Lesson Plans

History of Editorial Cartoons/Background Knowledge

The first editorial cartoon was drawn by Benjamin Franklin, and appeared in the Pennsylvania Gazette on May 9, 1754. (Project “Join or Die” cartoon on screen).

Lead students in a brief discussion of what the cartoon might mean.

Explain that Franklin was concerned about France and Great Britain’s arguments about their landholdings in the Americas. Franklin saw the colonies as dangerously fragmented, and hoped, with the cartoon and an article, to convince colonists they would have great power if they united.

“The “Join or Die” snake does not fit any standard definition of a map. But many basic elements of a map arepresent. Perhaps the image has been best described at a “cartographic caricature,” or a map generalizing and exaggerating the American colonies’ most recognizable features—namely their locations and coastlines. The colonies are represented in geographic order, with the New England colonies at the head of the snake and South Carolina at its tail. [Note: The New England colonies are not listed individually and Georgia, oddly, does not appear at all.] The undulations of the snake’s body broadly suggest the curves of the North American east coast.”

—Source: Misty Belyeu, elementary school teacher, Auburn, Alabama; 

How It’s Done

Explain to students that editorial cartoons throughout history have made use of similar techniques to get their points across. Among them are:

  • Symbolism: use of an object to stand for an idea
  • Caricature: exaggeration of a physical feature
  • Captioning and labels: for clarity and emphasis
  • Analogy: comparison of two unlike things that share some characteristics
  • Irony: the difference between the way things are and the way things should be, or the way things are expected to be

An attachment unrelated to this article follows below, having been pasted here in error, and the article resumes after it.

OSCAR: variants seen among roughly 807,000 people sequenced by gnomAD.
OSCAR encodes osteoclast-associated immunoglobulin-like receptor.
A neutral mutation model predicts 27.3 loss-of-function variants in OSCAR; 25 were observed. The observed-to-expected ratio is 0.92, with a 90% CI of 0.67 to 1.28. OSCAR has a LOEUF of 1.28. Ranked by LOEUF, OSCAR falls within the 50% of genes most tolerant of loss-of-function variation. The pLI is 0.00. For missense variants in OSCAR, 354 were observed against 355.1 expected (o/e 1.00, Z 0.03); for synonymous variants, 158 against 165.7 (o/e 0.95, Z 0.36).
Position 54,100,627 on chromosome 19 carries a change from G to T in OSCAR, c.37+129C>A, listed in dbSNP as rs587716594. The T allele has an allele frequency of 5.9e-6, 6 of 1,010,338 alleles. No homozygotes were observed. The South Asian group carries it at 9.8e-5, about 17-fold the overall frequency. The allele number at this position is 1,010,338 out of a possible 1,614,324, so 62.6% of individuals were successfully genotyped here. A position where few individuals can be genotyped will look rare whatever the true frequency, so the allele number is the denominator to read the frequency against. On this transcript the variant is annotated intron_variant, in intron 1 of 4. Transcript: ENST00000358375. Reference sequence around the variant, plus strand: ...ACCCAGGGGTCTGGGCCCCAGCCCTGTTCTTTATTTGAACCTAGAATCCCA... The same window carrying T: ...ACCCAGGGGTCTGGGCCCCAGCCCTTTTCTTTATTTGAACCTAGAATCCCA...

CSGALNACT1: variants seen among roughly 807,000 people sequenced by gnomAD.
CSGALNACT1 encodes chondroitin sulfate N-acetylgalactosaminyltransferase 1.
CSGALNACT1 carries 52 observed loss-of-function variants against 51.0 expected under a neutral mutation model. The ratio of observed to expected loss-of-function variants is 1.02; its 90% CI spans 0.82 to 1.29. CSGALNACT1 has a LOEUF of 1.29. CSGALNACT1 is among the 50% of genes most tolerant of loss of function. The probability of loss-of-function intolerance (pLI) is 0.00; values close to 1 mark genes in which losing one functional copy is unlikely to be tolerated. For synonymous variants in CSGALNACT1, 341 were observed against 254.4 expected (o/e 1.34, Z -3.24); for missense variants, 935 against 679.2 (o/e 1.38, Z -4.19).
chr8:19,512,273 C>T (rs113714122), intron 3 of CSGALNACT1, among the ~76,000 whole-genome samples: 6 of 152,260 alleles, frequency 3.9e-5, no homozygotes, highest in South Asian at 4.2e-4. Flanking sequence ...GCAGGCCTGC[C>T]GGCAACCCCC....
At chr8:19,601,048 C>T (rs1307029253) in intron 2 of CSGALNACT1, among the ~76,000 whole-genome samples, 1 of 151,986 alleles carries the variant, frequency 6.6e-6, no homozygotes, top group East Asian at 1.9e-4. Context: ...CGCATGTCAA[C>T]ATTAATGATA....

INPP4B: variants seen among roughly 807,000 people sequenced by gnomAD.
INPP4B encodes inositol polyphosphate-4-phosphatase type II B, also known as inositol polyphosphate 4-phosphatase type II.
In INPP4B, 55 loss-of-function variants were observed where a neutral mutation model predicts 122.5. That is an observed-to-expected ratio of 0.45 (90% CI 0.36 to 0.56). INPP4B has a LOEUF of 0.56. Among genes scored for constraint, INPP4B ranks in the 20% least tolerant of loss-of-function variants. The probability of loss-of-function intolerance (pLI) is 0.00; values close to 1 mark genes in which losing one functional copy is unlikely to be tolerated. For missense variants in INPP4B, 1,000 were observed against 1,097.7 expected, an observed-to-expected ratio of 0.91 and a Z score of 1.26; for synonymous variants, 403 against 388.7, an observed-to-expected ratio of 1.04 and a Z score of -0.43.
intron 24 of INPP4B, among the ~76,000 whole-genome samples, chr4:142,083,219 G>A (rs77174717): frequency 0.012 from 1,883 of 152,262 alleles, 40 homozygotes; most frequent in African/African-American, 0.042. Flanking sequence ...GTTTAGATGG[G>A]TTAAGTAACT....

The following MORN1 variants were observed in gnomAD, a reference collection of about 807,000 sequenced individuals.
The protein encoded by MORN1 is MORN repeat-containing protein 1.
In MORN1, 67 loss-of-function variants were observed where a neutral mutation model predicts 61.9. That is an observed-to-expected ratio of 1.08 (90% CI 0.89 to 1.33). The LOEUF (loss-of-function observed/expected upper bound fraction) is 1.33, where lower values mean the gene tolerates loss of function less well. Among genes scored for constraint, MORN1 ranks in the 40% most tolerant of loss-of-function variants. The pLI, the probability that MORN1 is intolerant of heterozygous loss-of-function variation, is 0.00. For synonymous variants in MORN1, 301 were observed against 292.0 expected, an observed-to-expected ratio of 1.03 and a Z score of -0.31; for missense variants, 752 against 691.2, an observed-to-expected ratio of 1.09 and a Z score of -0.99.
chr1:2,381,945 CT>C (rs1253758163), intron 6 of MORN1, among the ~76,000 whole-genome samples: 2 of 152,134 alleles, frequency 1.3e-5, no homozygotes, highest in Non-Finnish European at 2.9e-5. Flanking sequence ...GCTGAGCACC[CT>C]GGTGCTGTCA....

• Juxtaposition: positioning people or objects near each other for effect
  • Exaggeration: overstating or magnifying a problem.

—Source: Steven Janover

Show any current political cartoon, and ask students to identify the elements above, and lead them in a discussion about each.

Discuss how editorial cartoons are different from other cartoons in the paper (usually come about because of an issue in the news; more for information than entertainment), and how they’re different from news articles (include a clear bias, as opposed to news articles, which should be entirely objective). While an article is intended to inform, the author’s purpose with an editorial cartoon is to influence opinion.

Model for them use of the Analyzing a Cartoon Worksheet.

To get them warmed up, if a computer is available, send students to a site such as American Association of Editorial Cartoonists, which has links to daily cartoons, cartoonists index, and cartoons sorted by topic, or have them search for cartoons on their own: Send students on a “cartoon webquest,” where they find five cartoons, and write down the URL of the cartoon, the cartoonist who created it, the topic, and a brief description of the cartoon. Other websites include: The Cartoonists Group, Go Comics, Daily Kos, Cagle Cartoons.

Introduction to Herb Block

Show students the video of Herb Block to introduce them to the man whose work they’ll be studying.

Additional Lesson Plans:

Check out our How to Analyze an Editorial Cartoon page 

20th-Century Political Cartoons at the Library of Congress (Online Office Hours) - Herblock cartoons show American History for over seven decades

Herblock Exhibitions - Education, Democracy, Civil Rights, Environment and the Presidency

AAEC's Cartoons for the Classroom - (new lessons each week based on current events)

PBS' Reading Political Cartoons

Teaching Tolerance - Using Editorial Cartoons to Teach Social Justice

The Opper Project (The Ohio State University) - Using Editorial Cartoons to Teach History

Library of Congress - using a Herblock Cartoon

Democrat and the Chronicle: Create an Editorial Cartoon

The Kennedy Center's ArtsEdge

Order Herblock's Editorial Cartoon Exhibitions DVD - just call our office at 202-223-8801

The DVD includes 5 lesson plans for teaching the topics that reflect Herb Block's passions - Education, Democracy, Civil Rights, the Presidency and Environment. The disk presents five exhibitions which bring to life many famous Herblock cartoons that punctuate American history from 1929 to the millennium. The lesson plans meet Language Arts standards from the National Council of Teachers of English and the National Curriculum Standards for Social Studies. (Lesson plans aligning with the Common Core should be available by 2015.)